I did one of those wide step-arounds, and was about 15 feet beyond when I heard, “Is that Kirby?”

It was Julie, whom I had not seen since leaving Hood River 18 months earlier, and we had a truly pleasant crossing of paths.

While I don’t see Mike that often, I ran into him two days later as he was having coffee at a sidewalk table outside Union Block. He asked, “Oh, Julie was in town? How’s she doing?”

There are others, including Beth Karecki of Yamhill Mediation Services, who I’ve gotten to know in the past year or so. I knew her sister Ellen, whom I last saw in 1980, through another close friend at Linfield.

Call it a current connection:

In the beer tent at a recent Linfield University football game, I got acquainted with a Spokane woman whose son plays for the Wildcats. She is a close friend of a recent Linfield communications grad I got to know last year.

Small-world things arise and regenerate all the time.

Dave Rucklos of the McMinnville Downtown Association recently brought to my office Oregon Main Street Program Coordinator Shari Stuart, a friend from my time in Port Townsend, Wash., in the 1990s. Shari knows a guy I recently spoke to on the phone, Erik Andersson of SEDCOR, which Yamhill County contracts with for economic development services.

Erik and I knew each other in Port Townsend, then in the Columbia Gorge, places where he also worked in economic development. Our 2022 connection is so far limited to LinkedIn, but I am pretty sure it is my first crossing of paths involving three ports of call.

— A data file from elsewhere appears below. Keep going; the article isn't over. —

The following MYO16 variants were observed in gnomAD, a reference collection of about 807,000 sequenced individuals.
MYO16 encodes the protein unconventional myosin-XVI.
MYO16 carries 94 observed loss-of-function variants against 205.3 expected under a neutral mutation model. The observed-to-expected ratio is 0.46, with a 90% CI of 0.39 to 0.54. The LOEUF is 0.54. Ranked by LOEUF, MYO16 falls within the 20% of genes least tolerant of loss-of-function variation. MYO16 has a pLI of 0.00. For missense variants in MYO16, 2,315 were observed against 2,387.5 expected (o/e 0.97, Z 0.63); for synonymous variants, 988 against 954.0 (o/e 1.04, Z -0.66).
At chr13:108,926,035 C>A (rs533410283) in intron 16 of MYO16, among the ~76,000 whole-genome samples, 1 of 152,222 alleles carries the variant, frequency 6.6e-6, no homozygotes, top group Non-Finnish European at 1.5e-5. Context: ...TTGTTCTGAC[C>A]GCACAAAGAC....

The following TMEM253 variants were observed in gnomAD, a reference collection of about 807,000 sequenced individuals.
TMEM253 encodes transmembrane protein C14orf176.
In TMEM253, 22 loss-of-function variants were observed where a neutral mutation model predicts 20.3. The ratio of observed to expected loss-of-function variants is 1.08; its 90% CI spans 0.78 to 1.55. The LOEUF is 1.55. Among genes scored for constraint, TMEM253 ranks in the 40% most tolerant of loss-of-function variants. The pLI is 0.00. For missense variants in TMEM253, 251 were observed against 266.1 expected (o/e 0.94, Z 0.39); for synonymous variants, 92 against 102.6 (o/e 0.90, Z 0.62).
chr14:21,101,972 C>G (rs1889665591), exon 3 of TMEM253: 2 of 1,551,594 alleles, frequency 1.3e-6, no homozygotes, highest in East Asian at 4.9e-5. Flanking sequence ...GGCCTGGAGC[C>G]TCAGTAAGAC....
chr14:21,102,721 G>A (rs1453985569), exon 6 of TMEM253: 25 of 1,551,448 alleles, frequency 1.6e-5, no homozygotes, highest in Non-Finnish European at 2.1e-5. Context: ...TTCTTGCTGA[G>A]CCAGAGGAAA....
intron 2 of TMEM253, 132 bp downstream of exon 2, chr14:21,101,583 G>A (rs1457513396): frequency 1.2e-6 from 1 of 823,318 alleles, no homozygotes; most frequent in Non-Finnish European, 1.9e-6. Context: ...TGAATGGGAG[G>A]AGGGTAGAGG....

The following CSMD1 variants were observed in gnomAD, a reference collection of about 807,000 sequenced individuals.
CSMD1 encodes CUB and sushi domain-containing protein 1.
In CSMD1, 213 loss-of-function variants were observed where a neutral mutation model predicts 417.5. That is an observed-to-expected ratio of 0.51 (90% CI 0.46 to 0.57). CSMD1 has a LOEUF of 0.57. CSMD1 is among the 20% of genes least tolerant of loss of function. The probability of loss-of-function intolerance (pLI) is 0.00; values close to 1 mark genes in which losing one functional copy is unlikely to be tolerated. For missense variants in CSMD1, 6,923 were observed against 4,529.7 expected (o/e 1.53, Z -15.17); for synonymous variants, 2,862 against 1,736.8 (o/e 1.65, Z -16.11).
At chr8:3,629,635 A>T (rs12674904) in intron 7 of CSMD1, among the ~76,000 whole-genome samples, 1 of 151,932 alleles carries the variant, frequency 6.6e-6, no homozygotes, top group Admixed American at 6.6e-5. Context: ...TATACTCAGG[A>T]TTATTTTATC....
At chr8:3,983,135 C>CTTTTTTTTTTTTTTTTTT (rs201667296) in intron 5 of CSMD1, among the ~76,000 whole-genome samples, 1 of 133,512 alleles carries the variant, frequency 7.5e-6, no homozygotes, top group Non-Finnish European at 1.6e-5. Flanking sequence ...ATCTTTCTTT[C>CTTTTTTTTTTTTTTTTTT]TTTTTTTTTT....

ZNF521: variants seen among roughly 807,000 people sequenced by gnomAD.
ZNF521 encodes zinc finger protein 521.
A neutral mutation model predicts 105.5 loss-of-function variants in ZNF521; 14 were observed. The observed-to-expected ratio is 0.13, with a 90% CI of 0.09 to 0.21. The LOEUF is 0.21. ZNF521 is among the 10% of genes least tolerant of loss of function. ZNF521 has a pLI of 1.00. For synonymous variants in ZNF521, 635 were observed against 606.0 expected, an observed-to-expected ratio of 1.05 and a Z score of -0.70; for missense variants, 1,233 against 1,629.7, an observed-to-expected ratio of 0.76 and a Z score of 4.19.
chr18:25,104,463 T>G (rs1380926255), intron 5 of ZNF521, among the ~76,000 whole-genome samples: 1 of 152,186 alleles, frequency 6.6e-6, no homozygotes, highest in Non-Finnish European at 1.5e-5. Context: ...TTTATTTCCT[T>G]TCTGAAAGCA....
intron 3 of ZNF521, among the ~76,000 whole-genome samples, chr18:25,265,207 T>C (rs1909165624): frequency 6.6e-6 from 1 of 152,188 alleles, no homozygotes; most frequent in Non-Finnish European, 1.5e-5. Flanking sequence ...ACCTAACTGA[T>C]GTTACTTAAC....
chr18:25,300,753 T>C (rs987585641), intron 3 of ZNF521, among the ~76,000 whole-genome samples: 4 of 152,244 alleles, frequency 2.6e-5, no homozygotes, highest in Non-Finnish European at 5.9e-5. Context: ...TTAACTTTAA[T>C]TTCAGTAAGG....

Three others are examples of the classic “old co-worker connection.” Three such associates live or work nearby, with long years intervening in two of them. The first one’s a little complicated, but here goes:

A reporter I hired in Hood River circa 2005 now has a job at city hall in one of Yamhill County’s outlying communities. I choose not to name the person or place because our only contact has been via e-mail, and it’s been strictly one way.

This person failed to respond either to a social “hey, remember me?” e-mail or to later e-mails on business matters, sent in my news capacity. The lack of response surprised me, but I’m determined to keep the door open. It’s the one, shall we say, unrequited example of these connections I have experienced.